Amazon warned at least two employees that future criticism of its environmental policy could result in firing due to violation of its external communications policy. Maren Costa, a user-experience designer, and Jamie Kowalski, a software development engineer, told the Washington Post that the company is contributing to climate change as its cloud computing business aids oil- and gas-company exploration.
- Do employees have a moral responsibility to speak up on matters of critical importance like climate change, regardless of their employer’s attempts to censor them?
- Amazon says, “While our positions are carefully considered and deeply held, there is much room for healthy debate and differing opinions.” Is this contradictory? How would this work in practice given recent warnings of potential firings?
- With current government investigations and regulations of big tech, can public efforts to silence workers add to Amazon and their tech rivals’ troubles? How should companies respond to internal criticism and activist employees?
- Both employees are part of the group Amazon Employees for Climate Justice, which published a letter last April calling on the e-commerce giant to adopt a company-wide plan to address climate change. More than 8,700 employees signed the letter.
- In September, the employee group organized a walkout to pressure Amazon to eliminate its greenhouse gas emissions by 2030, among other demands. One day before the walkout, Amazon announced a “Climate Pledge” to reach net-zero carbon emissions by 2040.
- Amazon strongly disagreed with another demand, refusing to end its contracts between Amazon Web Services and oil and energy companies. Jeff Bezos said, “To ask oil and energy companies to do this transition with bad tools is not a good idea.”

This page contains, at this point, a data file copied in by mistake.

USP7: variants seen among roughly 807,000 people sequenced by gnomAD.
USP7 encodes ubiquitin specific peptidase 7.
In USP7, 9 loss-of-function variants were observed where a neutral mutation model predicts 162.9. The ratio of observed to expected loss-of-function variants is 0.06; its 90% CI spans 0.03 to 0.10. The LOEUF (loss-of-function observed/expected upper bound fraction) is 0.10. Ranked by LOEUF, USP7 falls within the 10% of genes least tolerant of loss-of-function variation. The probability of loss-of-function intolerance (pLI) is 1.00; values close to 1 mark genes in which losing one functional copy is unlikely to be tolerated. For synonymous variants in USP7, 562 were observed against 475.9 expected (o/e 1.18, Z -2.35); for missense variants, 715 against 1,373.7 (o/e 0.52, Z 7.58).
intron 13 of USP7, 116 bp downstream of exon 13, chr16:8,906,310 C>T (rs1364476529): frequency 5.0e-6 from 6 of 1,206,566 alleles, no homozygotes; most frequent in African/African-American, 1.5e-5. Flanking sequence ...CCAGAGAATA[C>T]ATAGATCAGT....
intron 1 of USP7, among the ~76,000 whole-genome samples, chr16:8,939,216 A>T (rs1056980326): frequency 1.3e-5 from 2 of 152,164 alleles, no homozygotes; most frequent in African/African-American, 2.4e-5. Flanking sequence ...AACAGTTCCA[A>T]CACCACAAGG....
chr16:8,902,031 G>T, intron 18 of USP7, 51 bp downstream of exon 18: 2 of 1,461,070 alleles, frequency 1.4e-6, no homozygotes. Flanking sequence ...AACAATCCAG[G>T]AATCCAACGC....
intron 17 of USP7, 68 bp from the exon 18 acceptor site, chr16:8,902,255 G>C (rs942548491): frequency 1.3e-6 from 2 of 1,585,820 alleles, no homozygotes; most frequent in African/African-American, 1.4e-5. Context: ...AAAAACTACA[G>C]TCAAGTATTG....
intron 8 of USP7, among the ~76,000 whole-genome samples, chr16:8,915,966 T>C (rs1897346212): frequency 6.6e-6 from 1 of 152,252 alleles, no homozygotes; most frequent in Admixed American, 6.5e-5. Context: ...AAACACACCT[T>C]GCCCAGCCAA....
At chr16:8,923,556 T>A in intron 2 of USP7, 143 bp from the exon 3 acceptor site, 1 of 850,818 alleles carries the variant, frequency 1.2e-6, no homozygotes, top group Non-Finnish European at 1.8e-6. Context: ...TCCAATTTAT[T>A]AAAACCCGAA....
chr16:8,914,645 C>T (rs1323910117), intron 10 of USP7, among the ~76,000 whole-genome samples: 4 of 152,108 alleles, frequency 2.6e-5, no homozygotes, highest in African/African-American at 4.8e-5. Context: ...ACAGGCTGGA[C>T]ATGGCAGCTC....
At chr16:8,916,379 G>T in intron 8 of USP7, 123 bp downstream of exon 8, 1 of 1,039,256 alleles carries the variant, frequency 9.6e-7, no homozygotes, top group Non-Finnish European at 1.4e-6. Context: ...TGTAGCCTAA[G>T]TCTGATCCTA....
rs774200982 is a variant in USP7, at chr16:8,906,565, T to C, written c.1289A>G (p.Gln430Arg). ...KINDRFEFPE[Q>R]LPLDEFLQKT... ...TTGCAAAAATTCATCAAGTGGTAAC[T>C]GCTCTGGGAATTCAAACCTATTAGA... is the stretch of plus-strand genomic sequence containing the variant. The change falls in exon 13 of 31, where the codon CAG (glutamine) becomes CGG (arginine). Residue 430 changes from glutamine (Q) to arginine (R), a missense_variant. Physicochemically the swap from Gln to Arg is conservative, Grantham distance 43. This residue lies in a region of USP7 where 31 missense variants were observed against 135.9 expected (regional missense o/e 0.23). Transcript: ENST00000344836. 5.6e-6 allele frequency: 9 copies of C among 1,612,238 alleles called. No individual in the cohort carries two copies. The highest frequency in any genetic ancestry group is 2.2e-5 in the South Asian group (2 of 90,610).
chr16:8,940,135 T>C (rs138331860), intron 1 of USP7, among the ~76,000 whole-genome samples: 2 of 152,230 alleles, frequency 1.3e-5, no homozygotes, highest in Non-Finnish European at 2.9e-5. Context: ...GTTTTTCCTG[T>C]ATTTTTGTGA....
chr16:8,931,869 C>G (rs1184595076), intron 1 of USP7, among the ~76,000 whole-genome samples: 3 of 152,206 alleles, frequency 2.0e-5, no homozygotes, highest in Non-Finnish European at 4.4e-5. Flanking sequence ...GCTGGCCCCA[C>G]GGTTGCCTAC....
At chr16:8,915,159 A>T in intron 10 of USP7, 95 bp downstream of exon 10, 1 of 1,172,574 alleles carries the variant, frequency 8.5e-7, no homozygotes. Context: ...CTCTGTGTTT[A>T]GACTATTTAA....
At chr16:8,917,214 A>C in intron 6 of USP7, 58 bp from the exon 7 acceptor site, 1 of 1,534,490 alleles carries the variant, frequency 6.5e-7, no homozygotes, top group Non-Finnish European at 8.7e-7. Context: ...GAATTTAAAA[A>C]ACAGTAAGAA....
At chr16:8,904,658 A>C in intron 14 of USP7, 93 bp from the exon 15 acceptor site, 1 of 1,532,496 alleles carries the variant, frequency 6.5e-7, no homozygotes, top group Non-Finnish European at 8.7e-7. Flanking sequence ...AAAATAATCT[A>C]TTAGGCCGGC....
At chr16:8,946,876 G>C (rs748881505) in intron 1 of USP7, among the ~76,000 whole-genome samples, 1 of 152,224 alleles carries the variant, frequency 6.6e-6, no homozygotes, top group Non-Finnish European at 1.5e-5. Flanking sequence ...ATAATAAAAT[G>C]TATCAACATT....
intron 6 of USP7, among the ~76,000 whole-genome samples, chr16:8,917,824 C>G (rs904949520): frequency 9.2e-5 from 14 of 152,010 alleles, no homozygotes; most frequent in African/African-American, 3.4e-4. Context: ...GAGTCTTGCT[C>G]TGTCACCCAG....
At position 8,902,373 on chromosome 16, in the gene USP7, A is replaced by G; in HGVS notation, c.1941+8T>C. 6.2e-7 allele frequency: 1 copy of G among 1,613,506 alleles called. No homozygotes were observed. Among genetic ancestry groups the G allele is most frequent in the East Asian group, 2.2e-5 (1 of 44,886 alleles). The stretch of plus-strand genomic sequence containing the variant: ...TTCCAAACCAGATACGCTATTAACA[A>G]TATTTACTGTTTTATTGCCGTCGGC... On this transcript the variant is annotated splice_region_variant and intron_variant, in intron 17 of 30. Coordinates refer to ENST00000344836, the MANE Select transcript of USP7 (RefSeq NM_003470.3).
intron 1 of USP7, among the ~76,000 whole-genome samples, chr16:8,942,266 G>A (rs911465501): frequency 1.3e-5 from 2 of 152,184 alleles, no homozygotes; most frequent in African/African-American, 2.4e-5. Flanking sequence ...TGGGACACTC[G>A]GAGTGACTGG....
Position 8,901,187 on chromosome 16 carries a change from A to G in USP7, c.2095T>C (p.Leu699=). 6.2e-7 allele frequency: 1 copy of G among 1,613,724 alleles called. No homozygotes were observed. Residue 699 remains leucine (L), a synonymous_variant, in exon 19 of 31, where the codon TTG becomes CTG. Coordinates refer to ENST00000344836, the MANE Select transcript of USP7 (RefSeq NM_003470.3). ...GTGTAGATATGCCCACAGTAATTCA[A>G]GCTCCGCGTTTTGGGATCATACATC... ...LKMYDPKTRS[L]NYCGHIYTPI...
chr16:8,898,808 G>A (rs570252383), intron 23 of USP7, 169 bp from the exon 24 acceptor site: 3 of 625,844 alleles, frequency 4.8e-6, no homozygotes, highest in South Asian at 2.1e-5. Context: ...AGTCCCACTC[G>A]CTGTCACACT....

Tech employees are organizing and publicly holding their employers to ethical standards over issues like corporate carbon emissions, using technology for warfare, and sexual harassment in the workplace. Both Amazon and Google have been accused of stifling worker’s feedback and cracking down on growing dissent among their rank and file employees.
Big tech companies are attempting to contain controversy and tamp down on internal dissent, but this may be having the opposite effect. According to several sources at Amazon, employees are continuing to organize and discuss Amazon’s climate policies on internal listservs, and many are publicly supporting the employees who have been reprimanded for speaking to the press. Some Google employees have alleged they were recently fired in retaliation for their public criticism of the company’s policies and their attempts to organize.
On January 2nd, Maren Costa spoke out again in a press release saying, “Now is a time when we need to have communications policies that let us speak honestly about our company’s role in the climate crisis. This is not the time to shoot the messengers. This is not the time to silence those who are speaking out.”
A better policy may be to improve internal communication and exchanges about important issues like climate change. Leaders need to engage more rather than threaten.